When you finally get over the episode, it’s likely that a fear grips you: What if it happens again?
That fear triggers a hypervigilance mechanism. In practice, is unleashed a kind of “paranoia” that leads you to pay more attention to the small changes that may warn you that you are going to suffer another anxiety attack. That can cause you to misinterpret totally normal physiological signals, which will trigger another panic attack, this time self-induced.
This state of constant scrutiny also increases baseline anxiety; that is, you’re always nervous, tense, waiting for something negative to happen from one moment to the next. This state ends up complicating and aggravating anxiety in a significant way, acting as a catalyst for chronic anxiety.
How to eliminate secondary anxiety?
Fear of anxiety is not useful. This fear not only aggravates the anxious experience but also generates great weakness. Of course, secondary anxiety is a normal reaction to situations that scare us. This means that we should not feel guilty, but we must understand that this fear only makes the experience worse.
To eliminate secondary anxiety, we must act on three levels: physical, emotional and rational.
• On a physical level. The symptoms of anxiety cause intense reactions at the physiological level, but if you quickly detect the first signs, you can manage them before they get worse. Learning breathing exercises, for example, will help you calm down quickly.
Different studies, including one conducted at the University of Warwick, have shown that respiratory oscillations lead to the modulation and/or synchronization of heart rate and brain waves through a mechanism that involves the autonomic nervous system. The practice of yoga, meditation and mindfulness will also help you to reduce basal anxiety, so that you will have to worry less about anxiety.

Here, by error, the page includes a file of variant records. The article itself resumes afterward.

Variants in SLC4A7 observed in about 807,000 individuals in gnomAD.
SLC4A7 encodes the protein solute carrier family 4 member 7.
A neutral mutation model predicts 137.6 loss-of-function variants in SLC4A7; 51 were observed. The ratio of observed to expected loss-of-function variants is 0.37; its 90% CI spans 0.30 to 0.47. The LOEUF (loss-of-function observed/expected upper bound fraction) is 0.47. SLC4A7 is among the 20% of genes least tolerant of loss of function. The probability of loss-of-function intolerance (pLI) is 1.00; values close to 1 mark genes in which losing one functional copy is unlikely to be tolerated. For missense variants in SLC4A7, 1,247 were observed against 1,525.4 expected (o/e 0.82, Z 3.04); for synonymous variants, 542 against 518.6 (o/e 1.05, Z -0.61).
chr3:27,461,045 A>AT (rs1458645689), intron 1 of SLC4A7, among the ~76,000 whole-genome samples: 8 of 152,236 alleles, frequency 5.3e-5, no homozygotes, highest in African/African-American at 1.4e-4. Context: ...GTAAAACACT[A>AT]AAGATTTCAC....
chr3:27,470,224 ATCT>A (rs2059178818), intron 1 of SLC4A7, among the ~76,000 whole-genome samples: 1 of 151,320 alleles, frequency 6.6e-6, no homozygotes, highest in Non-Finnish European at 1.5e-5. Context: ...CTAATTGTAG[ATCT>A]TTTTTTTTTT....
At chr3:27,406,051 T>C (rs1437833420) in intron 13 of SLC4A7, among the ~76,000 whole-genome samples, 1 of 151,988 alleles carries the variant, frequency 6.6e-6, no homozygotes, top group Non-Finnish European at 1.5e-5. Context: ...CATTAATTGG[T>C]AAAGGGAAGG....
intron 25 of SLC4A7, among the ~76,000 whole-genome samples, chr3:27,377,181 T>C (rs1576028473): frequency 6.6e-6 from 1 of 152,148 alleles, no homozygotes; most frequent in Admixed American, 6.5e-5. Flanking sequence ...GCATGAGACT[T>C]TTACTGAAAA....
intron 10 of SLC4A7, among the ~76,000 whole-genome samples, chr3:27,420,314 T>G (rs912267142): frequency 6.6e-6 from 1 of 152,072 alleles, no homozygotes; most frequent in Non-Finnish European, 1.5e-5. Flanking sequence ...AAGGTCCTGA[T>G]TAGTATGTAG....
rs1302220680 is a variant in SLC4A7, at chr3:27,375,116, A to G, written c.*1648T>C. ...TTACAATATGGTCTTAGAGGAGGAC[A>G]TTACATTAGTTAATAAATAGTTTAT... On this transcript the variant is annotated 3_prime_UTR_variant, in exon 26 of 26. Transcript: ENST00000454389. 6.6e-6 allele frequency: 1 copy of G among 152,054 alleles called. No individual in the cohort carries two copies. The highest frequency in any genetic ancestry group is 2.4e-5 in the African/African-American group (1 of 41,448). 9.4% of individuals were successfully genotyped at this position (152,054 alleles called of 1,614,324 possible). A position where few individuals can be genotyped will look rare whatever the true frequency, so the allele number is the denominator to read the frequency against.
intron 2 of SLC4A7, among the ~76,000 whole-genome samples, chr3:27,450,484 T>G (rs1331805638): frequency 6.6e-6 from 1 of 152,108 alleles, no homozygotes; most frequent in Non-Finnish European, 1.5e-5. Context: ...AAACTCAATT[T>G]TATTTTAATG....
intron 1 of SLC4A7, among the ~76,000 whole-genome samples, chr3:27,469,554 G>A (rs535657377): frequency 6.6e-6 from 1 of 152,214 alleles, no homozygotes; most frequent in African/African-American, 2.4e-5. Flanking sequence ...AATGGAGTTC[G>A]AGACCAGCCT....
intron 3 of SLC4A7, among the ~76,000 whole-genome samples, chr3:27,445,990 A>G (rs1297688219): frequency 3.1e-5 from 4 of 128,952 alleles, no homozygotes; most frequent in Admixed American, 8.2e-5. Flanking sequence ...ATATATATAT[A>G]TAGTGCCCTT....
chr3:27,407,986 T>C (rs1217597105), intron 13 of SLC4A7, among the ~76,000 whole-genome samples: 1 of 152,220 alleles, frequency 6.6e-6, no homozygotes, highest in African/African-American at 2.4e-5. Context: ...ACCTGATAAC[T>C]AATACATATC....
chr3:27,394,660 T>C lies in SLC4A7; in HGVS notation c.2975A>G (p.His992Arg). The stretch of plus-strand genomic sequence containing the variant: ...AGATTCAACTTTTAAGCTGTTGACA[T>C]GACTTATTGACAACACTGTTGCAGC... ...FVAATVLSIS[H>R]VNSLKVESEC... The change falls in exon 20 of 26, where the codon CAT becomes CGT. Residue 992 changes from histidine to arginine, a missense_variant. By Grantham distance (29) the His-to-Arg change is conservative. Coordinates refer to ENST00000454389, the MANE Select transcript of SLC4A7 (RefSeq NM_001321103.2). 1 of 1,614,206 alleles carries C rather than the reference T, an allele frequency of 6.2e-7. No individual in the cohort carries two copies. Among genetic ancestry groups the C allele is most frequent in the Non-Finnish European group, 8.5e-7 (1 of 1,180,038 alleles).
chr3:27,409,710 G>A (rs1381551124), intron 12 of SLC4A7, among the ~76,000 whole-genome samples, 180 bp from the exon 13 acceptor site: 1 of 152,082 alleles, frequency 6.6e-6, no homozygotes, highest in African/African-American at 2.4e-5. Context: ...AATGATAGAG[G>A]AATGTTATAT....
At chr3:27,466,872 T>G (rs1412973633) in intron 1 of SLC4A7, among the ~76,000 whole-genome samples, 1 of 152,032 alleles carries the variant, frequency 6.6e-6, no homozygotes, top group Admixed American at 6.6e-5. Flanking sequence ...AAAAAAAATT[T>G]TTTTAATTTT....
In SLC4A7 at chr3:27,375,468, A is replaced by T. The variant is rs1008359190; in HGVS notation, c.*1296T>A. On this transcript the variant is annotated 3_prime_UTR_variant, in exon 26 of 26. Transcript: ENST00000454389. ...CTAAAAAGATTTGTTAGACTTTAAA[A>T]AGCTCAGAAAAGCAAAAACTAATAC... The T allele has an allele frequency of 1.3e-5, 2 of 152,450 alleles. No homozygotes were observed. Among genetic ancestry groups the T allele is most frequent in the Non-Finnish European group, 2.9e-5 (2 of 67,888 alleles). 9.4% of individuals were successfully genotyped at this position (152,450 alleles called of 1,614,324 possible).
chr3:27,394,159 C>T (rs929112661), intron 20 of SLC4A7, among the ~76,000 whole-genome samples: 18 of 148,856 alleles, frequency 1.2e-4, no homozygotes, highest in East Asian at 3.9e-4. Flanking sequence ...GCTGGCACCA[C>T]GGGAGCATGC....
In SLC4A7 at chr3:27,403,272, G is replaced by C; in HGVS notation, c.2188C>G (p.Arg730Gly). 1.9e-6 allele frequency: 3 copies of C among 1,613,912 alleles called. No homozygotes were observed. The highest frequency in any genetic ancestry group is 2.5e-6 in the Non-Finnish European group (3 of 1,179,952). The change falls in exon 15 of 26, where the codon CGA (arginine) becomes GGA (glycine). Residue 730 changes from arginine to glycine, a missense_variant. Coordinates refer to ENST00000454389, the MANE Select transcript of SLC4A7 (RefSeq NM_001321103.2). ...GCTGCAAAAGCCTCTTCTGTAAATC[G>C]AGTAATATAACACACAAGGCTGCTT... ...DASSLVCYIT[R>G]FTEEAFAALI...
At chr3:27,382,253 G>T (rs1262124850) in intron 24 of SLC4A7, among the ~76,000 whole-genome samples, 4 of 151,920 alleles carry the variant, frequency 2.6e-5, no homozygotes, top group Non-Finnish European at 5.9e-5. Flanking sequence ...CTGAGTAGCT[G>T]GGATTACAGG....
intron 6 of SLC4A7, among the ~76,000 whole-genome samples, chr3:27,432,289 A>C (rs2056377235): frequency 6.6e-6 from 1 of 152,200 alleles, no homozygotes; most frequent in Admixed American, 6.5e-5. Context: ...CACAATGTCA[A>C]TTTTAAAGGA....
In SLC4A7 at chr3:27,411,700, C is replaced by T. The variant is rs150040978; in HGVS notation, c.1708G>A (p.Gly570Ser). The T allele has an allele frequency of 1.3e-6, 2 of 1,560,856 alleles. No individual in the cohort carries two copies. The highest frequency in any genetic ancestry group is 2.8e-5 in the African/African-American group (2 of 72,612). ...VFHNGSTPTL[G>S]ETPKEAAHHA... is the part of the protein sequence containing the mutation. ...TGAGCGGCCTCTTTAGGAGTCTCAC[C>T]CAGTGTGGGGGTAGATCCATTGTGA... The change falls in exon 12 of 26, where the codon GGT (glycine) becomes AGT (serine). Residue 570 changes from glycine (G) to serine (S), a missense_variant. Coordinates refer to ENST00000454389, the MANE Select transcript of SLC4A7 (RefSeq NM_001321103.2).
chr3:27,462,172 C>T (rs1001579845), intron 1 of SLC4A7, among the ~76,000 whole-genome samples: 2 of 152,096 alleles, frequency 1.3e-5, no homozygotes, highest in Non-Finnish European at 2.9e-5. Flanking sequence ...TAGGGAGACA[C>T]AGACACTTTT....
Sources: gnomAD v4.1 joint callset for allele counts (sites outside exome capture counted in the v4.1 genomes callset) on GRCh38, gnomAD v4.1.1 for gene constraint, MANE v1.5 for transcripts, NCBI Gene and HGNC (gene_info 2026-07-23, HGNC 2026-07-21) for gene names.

• On an emotional level. “Our anxiety does not come from thinking about the future, but from wanting to control it”, said Kahlil Gibran. It’s important to be aware that resistance fuels conflict and unpleasant emotions. Accepting anxiety, on the contrary, will diminish those emotions.
You should not see anxiety as an enemy to beat but as a warning of a problem or conflict that you need to resolve. Anxiety is part of life, you cannot always avoid it, and although it can sometimes be an unpleasant experience, your way of dealing with it determines how harmful it can be.
• On a rational level. William James said: “The best weapon against stress is our ability to choose one thought over another.” Just as dysfunctional thoughts fuel anxiety, adaptive thoughts decrease it. Being aware of your narrative will help you understand how your thoughts are perpetuating anxiety.
Analyze a recent anxiety experience and remember the thoughts that went through your mind just before, during, and after that episode. If those thoughts fed fear, anxiety and avoidance, they were dysfunctional. A strategy to substitute them with more functional ones is to challenge them, analyzing their rationality. For example, if your heart accelerates, instead of thinking that you are about to die, you can calm down thinking that it’s a symptom of anxiety that you can manage.
Sometimes, managing anxiety can be complicated, so it is necessary to ask for the professional help of a psychologist. Keep in mind that the earlier you receive treatment, the easier it will be to eliminate or even prevent secondary anxiety. Do not wait for the problem to start.
Perry, S. et. Al. (2019) Control of heart rate through guided high-rate breathing. Scientific Reports; 9: 1545.
Rogers, M. P. et. Al. (1999) Comparing primary and secondary generalized anxiety disorder in a long-term naturalistic study of anxiety disorders. Depress Anxiety; 10(1): 1-7.